While silently reading a book, text message, or this article to yourself, a voice may emerge from the back of your mind to narrate the sentences. Hearing voices in your head may sound eerily similar to a hallucination, but according to a new study published in the journal Psychosis, the phenomenon is common among readers.

Clinical psychologist Ruvanee Valhauer, who is also a professor at New York University’s Department of Psychology, explored the wide variety of inner reading voices by reviewing Yahoo! Answers, the largest English language Q&A website in the world. Valhauer collected 136 relevant answers to 24 questions that were asked on the forum between 2006 and 2014 about their own experiences with inner reading voices.

In total, 82.5 percent of those who answered said they heard an inner voice while they read in silence to themselves. Of those who said they heard the inner voice, 13 percent explained that it only happened sometimes, like when they were reading something that greatly interested them. Last, 10.6 percent of contributors reported they never heard an inner voice while they read. The remaining few answers were too unclear for Valhauer to place into a definitive category.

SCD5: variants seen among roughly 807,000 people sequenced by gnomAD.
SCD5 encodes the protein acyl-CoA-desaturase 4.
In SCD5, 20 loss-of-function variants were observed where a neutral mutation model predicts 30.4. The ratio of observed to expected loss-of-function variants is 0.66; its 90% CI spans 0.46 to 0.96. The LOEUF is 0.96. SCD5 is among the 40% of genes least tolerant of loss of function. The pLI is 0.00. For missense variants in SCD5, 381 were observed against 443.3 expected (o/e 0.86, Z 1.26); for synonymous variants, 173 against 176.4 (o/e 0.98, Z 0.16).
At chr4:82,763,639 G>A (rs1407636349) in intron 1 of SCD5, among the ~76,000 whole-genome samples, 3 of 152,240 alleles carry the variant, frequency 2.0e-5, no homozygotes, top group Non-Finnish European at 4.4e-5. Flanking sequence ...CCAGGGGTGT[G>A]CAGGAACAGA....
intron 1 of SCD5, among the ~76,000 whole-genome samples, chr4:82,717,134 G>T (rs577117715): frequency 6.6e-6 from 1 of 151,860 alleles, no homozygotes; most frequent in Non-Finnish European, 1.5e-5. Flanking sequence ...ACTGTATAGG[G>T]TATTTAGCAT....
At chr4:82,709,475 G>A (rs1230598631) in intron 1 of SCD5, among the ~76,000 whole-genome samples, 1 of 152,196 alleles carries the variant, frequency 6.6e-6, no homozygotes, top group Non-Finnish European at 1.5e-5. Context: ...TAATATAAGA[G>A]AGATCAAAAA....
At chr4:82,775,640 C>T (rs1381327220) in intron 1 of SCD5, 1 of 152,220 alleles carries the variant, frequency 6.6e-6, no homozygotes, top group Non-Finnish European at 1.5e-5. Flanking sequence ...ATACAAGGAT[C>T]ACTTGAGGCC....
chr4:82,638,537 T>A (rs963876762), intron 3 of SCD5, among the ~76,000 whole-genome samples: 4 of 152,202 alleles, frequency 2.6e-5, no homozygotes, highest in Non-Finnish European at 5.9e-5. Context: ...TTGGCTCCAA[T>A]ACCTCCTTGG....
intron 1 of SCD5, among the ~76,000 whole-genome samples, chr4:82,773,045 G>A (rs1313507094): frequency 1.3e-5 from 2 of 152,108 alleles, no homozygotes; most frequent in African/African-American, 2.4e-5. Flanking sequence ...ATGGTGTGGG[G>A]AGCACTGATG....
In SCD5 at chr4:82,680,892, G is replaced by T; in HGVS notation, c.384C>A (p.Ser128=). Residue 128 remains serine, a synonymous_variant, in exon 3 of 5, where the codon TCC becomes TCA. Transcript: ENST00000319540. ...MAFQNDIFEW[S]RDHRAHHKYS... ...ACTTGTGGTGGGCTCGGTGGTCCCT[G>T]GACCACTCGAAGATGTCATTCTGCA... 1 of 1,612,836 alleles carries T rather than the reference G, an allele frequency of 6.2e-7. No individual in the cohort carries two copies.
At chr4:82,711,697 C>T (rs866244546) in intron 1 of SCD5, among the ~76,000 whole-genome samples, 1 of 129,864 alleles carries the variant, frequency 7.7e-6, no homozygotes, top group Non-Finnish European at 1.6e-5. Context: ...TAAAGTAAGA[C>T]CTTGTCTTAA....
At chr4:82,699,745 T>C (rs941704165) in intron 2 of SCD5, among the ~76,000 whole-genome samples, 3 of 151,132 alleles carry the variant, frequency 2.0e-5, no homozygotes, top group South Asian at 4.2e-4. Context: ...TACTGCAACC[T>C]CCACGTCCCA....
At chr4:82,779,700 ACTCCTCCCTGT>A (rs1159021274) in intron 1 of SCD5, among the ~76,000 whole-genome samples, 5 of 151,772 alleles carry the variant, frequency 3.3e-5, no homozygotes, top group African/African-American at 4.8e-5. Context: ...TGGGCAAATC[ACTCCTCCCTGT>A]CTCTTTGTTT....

Nearly all of those who had an inner reading voice said it was audible, meaning it had a depth, accent, or certain volume to it. While some said it was a reverberation of their own voices narrating a line in a book or piece of conversation in a text message, others said the voice took on a life of its own. Some said they could not control what the voice sounded like, which they found distracting and even scary at times.

Descriptions of Inner Voices:

  • “I hear a sort of young, quiet, male voice though I am female.”
  • “I hear the voice of like what I think the character would have.”
  • “My grandpa. Honest to God he used to read to me a lot so sometimes I hear his voice.”
  • “It’s sort of tons of voices combined into one perfect, undistracting voice.”
  • “I usually hear a friend’s voice that reminds me of the character of the story I am reading.”

Valhauer conducted the study in order to investigate a relatively unexplored area of the subconscious. She believes the evidence may be used to understand auditory hallucinations in those with mental illness. According to the Mental Health Foundation, hearing voices is a type of hallucination in people with psychotic disorders like schizophrenia. It is estimated that between five and 28 percent of the general population hear voices others cannot hear — the range is so wide because many do not report the voices in fear they’ll be labeled or diagnosed as a victim of mental illness.

Valhauer concludes that there’s no clear link between auditory hallucinations and inner narrators during reading, but that further research may lay the groundwork for understanding the side of the phenomenon that falls into mental illness.

Source: Vilhauer RP. Inner reading voices: an overlooked form of inner speech. Psychosis . 2016.